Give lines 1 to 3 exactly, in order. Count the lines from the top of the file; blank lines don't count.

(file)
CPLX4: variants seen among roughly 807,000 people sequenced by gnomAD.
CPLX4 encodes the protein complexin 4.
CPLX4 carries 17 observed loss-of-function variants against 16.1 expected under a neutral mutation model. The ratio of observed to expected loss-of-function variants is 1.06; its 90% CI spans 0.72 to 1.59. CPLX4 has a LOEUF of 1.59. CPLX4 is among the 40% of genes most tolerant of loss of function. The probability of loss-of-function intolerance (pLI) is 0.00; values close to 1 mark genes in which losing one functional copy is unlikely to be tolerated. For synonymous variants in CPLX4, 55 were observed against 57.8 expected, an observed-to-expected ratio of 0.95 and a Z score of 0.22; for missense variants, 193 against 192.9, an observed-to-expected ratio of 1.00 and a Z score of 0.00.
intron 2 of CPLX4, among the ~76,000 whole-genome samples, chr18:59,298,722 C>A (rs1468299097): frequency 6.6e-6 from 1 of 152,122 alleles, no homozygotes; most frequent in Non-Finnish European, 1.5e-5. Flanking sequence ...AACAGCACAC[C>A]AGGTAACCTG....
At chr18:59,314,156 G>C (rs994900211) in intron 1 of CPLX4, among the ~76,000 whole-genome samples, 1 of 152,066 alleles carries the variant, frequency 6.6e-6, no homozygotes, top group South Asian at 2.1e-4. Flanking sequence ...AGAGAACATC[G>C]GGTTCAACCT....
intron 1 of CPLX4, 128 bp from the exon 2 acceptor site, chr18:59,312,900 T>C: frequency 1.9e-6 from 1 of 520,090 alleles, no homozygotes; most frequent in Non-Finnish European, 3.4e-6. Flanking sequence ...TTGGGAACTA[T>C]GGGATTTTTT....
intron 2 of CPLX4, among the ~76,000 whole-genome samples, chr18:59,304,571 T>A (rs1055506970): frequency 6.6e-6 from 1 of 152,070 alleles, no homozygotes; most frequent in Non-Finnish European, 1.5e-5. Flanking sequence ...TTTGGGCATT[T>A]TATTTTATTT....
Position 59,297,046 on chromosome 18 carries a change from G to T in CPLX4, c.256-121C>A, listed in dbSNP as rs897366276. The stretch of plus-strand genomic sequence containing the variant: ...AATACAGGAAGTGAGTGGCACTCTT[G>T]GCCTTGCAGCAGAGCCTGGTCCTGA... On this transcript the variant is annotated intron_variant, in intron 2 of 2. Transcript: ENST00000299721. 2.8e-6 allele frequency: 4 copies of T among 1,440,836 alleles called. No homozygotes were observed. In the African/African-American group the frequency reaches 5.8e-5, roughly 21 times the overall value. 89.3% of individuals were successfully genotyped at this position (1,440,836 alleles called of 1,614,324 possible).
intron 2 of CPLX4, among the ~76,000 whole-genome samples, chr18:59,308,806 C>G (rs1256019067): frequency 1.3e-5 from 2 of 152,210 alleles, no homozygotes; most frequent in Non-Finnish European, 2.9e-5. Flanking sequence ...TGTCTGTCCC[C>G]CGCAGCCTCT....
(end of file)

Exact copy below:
CPLX4: variants seen among roughly 807,000 people sequenced by gnomAD.
CPLX4 encodes the protein complexin 4.
CPLX4 carries 17 observed loss-of-function variants against 16.1 expected under a neutral mutation model. The ratio of observed to expected loss-of-function variants is 1.06; its 90% CI spans 0.72 to 1.59. CPLX4 has a LOEUF of 1.59. CPLX4 is among the 40% of genes most tolerant of loss of function. The probability of loss-of-function intolerance (pLI) is 0.00; values close to 1 mark genes in which losing one functional copy is unlikely to be tolerated. For synonymous variants in CPLX4, 55 were observed against 57.8 expected, an observed-to-expected ratio of 0.95 and a Z score of 0.22; for missense variants, 193 against 192.9, an observed-to-expected ratio of 1.00 and a Z score of 0.00.